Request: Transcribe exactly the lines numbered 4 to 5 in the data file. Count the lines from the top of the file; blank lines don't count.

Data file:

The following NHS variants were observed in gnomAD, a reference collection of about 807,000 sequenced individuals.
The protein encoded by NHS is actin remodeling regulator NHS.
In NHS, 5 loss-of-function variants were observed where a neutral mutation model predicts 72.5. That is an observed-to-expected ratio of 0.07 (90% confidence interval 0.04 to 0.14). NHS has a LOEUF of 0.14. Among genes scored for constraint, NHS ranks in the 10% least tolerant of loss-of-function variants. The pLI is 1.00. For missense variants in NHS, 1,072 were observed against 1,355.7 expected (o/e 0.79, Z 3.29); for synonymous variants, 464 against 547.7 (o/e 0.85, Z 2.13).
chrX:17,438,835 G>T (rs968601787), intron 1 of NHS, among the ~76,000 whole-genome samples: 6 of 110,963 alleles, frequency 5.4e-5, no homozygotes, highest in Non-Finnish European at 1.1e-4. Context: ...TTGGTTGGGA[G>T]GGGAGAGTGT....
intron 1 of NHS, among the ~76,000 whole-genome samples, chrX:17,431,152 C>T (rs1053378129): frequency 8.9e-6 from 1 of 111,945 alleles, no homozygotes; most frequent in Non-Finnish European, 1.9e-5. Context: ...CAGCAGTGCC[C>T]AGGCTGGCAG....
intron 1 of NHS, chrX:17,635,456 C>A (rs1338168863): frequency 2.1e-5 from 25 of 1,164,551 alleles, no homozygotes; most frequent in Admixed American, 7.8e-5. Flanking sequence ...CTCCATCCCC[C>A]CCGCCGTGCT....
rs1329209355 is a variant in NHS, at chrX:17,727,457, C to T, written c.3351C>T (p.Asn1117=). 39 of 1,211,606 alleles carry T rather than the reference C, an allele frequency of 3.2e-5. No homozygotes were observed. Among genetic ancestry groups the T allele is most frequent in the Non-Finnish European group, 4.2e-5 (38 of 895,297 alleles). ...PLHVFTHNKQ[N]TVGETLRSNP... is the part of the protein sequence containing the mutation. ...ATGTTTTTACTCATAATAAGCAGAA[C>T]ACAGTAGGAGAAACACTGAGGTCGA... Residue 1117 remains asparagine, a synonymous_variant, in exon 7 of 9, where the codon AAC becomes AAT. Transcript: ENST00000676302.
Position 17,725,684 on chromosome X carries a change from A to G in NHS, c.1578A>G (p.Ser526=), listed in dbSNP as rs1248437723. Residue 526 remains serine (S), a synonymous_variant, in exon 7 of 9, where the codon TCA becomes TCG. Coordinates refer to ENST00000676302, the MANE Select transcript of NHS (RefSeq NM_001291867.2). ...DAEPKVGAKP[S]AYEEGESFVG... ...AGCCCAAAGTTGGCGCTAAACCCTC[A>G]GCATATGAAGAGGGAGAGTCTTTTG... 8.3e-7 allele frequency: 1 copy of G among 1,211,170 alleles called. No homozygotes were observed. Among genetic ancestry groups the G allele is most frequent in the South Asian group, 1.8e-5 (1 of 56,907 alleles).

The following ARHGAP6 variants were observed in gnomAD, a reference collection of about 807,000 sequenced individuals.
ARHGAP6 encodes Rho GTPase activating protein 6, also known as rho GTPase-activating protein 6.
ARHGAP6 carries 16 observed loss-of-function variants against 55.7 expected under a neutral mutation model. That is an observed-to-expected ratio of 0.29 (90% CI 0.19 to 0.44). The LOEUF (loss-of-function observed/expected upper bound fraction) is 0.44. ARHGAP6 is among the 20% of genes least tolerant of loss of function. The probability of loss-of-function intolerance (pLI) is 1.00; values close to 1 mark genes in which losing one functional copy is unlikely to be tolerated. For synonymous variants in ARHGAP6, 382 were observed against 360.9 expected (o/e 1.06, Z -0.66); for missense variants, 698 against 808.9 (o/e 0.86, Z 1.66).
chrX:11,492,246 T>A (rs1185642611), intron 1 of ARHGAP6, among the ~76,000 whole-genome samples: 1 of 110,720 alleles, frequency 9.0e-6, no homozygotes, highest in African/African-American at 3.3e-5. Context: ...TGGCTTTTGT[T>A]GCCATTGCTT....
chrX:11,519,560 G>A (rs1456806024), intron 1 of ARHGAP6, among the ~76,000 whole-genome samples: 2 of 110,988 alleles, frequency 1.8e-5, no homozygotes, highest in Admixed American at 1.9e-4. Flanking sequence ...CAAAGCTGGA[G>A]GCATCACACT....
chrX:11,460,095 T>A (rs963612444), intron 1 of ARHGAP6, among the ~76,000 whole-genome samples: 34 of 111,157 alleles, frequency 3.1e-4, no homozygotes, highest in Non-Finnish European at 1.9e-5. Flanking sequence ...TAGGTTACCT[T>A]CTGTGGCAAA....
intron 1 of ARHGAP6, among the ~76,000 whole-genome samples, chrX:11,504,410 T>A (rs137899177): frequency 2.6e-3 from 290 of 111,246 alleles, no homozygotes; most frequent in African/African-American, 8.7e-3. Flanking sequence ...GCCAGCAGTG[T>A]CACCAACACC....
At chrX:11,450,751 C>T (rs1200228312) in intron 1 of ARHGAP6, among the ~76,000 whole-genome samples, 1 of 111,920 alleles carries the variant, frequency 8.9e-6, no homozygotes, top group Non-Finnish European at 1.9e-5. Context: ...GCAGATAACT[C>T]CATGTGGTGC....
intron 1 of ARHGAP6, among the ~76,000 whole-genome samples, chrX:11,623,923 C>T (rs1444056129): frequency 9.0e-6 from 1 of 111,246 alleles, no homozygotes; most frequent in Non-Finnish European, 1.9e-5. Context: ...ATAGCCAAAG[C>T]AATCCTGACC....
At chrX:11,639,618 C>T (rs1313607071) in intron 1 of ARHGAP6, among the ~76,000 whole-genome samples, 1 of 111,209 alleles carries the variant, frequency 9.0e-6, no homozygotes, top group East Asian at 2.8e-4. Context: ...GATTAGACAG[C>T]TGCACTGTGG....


chrX:17,438,835 G>T (rs968601787), intron 1 of NHS, among the ~76,000 whole-genome samples: 6 of 110,963 alleles, frequency 5.4e-5, no homozygotes, highest in Non-Finnish European at 1.1e-4. Context: ...TTGGTTGGGA[G>T]GGGAGAGTGT....
intron 1 of NHS, among the ~76,000 whole-genome samples, chrX:17,431,152 C>T (rs1053378129): frequency 8.9e-6 from 1 of 111,945 alleles, no homozygotes; most frequent in Non-Finnish European, 1.9e-5. Context: ...CAGCAGTGCC[C>T]AGGCTGGCAG....